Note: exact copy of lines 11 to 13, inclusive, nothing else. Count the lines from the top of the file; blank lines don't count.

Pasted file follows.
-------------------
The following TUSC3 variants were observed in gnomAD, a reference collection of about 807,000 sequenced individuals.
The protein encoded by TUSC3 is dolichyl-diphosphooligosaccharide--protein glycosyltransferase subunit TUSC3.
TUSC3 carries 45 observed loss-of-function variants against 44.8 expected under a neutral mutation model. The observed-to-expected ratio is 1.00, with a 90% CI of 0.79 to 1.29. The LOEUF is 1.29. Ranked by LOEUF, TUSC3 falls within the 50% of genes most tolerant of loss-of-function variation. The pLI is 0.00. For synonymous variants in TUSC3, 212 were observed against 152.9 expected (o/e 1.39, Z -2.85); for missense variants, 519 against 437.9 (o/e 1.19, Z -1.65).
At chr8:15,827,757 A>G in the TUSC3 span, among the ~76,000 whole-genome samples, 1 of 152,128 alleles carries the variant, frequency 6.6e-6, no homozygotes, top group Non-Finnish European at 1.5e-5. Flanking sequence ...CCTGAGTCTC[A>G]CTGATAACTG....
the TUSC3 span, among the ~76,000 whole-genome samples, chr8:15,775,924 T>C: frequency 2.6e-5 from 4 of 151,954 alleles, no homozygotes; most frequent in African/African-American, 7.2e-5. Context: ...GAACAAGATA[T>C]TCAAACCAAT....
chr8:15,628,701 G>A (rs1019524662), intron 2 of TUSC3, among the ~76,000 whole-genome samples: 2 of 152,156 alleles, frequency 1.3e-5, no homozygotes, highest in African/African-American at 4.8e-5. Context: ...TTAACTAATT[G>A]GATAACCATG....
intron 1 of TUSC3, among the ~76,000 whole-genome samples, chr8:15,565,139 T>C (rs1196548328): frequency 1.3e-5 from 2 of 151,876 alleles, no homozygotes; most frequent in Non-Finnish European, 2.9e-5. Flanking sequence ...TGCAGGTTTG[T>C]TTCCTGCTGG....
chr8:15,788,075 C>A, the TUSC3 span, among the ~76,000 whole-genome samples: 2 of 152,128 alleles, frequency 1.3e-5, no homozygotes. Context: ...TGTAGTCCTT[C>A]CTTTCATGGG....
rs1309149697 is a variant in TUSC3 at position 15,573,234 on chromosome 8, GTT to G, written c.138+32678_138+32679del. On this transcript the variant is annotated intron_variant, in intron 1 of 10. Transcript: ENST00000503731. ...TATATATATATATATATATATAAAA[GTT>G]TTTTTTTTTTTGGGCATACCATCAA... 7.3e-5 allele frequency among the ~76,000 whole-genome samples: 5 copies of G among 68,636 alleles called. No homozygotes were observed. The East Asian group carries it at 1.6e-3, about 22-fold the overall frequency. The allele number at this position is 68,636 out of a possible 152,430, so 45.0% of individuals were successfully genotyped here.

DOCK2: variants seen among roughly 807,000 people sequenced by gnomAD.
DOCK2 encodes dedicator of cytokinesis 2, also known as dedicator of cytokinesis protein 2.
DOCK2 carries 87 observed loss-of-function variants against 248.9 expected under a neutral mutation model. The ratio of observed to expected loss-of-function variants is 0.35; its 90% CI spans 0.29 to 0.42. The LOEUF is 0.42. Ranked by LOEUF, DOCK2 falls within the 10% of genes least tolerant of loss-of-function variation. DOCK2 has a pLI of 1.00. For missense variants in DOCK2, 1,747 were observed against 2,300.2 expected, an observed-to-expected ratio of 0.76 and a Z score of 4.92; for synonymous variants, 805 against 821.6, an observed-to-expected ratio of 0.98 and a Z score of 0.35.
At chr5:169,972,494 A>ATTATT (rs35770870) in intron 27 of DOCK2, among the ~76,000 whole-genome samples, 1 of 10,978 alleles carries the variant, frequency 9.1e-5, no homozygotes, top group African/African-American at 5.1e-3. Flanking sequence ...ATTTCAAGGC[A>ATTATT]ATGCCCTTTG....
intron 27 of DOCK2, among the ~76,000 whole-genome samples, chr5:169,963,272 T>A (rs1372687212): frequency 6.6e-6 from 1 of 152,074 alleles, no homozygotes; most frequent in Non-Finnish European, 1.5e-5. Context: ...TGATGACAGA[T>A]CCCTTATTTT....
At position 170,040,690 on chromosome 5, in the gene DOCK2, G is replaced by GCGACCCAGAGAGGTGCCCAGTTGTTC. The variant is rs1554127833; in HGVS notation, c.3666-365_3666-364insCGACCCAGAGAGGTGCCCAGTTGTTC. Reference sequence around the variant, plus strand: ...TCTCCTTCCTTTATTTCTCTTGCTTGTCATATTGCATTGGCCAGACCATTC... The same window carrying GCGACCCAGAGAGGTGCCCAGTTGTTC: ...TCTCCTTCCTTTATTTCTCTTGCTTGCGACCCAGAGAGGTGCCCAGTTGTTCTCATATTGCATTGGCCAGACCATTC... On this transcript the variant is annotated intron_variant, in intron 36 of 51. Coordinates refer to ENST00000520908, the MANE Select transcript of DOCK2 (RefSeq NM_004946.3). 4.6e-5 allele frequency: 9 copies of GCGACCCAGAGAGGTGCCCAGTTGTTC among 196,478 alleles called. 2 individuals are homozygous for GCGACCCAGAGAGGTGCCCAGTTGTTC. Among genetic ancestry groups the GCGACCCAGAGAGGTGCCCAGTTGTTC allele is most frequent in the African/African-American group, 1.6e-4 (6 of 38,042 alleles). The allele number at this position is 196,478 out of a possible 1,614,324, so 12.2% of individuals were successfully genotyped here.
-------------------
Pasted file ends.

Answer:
DOCK2 encodes dedicator of cytokinesis 2, also known as dedicator of cytokinesis protein 2.
DOCK2 carries 87 observed loss-of-function variants against 248.9 expected under a neutral mutation model. The ratio of observed to expected loss-of-function variants is 0.35; its 90% CI spans 0.29 to 0.42. The LOEUF is 0.42. Ranked by LOEUF, DOCK2 falls within the 10% of genes least tolerant of loss-of-function variation. DOCK2 has a pLI of 1.00. For missense variants in DOCK2, 1,747 were observed against 2,300.2 expected, an observed-to-expected ratio of 0.76 and a Z score of 4.92; for synonymous variants, 805 against 821.6, an observed-to-expected ratio of 0.98 and a Z score of 0.35.
At chr5:169,972,494 A>ATTATT (rs35770870) in intron 27 of DOCK2, among the ~76,000 whole-genome samples, 1 of 10,978 alleles carries the variant, frequency 9.1e-5, no homozygotes, top group African/African-American at 5.1e-3. Flanking sequence ...ATTTCAAGGC[A>ATTATT]ATGCCCTTTG....